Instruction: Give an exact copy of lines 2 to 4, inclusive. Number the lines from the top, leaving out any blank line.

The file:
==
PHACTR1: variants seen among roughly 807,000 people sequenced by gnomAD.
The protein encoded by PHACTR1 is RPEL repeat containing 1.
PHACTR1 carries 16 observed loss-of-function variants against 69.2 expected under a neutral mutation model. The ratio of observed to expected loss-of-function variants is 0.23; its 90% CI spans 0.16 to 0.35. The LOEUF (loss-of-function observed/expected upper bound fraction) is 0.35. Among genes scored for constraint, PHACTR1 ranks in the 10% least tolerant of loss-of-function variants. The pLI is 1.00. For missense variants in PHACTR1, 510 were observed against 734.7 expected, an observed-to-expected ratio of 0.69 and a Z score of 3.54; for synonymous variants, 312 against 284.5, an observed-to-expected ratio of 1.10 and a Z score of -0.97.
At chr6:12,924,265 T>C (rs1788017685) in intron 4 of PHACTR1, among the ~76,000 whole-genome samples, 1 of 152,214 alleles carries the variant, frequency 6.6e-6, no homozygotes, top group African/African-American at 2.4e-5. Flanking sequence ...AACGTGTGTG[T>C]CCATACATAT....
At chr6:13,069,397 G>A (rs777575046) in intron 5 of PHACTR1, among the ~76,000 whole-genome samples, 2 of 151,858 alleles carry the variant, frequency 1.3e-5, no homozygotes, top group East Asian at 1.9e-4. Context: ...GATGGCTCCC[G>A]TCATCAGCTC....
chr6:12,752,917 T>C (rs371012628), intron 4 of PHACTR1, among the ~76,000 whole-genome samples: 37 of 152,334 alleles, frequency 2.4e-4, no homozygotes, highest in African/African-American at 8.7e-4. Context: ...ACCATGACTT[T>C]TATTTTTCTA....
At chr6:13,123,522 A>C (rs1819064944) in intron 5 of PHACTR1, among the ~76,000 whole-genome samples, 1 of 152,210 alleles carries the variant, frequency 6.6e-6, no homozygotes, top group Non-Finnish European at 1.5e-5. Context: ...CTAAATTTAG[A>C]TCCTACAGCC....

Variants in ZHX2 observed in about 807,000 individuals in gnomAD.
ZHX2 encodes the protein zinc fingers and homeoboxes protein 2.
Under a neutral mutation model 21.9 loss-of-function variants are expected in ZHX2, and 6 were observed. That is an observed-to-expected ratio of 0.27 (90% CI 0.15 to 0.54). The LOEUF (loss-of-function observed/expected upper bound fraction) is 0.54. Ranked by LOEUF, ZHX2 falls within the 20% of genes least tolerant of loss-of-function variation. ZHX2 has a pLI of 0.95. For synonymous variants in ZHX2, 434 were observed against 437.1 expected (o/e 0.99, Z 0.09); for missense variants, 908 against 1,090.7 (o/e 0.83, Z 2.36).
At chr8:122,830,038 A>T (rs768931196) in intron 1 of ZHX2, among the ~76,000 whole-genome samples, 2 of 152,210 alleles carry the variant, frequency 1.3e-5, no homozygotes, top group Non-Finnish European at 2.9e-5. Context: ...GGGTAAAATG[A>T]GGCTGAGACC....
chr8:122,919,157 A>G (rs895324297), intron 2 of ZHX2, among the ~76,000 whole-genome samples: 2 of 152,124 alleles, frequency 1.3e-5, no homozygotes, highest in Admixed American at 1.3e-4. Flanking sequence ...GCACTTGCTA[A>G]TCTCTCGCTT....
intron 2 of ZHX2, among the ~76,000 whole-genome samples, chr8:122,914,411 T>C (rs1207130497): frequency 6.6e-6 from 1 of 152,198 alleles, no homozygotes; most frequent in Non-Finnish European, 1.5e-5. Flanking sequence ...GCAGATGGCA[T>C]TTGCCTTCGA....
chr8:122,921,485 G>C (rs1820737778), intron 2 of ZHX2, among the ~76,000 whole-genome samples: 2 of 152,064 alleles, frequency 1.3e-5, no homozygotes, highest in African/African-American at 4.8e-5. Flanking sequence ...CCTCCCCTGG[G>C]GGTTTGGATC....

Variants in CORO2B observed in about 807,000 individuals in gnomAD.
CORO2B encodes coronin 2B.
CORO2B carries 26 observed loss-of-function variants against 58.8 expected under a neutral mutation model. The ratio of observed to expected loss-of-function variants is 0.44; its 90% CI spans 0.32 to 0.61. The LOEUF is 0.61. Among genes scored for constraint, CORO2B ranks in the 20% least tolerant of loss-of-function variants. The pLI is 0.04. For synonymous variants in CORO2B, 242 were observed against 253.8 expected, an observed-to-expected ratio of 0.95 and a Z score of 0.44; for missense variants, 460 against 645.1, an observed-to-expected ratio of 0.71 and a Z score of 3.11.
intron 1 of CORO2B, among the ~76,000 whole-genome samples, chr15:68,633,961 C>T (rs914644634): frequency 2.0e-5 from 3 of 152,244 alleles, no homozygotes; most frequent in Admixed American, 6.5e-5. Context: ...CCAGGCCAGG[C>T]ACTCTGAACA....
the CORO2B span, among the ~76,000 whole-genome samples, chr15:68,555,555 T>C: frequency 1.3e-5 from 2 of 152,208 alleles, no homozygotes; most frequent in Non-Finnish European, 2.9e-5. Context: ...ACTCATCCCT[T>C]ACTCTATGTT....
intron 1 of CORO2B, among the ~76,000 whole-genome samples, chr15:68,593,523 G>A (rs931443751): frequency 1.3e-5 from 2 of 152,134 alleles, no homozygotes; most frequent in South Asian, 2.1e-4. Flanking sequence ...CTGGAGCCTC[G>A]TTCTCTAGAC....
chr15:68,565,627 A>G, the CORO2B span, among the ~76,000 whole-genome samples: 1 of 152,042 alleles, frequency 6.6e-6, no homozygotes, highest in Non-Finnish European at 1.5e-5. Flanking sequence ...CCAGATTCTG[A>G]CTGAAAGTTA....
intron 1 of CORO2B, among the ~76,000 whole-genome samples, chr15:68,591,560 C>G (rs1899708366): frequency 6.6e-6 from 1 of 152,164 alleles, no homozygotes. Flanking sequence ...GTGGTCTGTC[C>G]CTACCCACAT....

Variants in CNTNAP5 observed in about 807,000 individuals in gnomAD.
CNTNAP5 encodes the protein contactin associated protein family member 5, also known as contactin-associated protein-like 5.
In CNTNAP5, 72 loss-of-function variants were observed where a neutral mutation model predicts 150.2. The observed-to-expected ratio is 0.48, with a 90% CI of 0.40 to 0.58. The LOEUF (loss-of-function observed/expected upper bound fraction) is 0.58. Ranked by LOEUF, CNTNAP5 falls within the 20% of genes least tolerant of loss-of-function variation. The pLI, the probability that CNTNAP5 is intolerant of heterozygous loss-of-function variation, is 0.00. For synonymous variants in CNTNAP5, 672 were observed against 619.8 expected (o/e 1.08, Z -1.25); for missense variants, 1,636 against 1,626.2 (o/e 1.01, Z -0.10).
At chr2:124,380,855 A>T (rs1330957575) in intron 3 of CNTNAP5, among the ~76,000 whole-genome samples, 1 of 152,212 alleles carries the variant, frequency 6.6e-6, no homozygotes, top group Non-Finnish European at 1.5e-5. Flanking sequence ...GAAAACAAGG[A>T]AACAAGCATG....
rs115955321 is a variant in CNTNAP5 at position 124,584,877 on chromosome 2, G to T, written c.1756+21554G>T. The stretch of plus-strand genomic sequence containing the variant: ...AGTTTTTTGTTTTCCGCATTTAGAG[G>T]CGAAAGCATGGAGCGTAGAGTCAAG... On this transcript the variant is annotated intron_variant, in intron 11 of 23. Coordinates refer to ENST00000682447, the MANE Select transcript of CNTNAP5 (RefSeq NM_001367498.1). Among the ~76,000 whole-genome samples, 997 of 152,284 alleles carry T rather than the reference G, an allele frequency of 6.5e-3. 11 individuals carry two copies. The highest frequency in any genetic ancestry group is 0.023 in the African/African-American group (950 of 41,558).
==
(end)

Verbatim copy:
The protein encoded by PHACTR1 is RPEL repeat containing 1.
PHACTR1 carries 16 observed loss-of-function variants against 69.2 expected under a neutral mutation model. The ratio of observed to expected loss-of-function variants is 0.23; its 90% CI spans 0.16 to 0.35. The LOEUF (loss-of-function observed/expected upper bound fraction) is 0.35. Among genes scored for constraint, PHACTR1 ranks in the 10% least tolerant of loss-of-function variants. The pLI is 1.00. For missense variants in PHACTR1, 510 were observed against 734.7 expected, an observed-to-expected ratio of 0.69 and a Z score of 3.54; for synonymous variants, 312 against 284.5, an observed-to-expected ratio of 1.10 and a Z score of -0.97.
At chr6:12,924,265 T>C (rs1788017685) in intron 4 of PHACTR1, among the ~76,000 whole-genome samples, 1 of 152,214 alleles carries the variant, frequency 6.6e-6, no homozygotes, top group African/African-American at 2.4e-5. Flanking sequence ...AACGTGTGTG[T>C]CCATACATAT....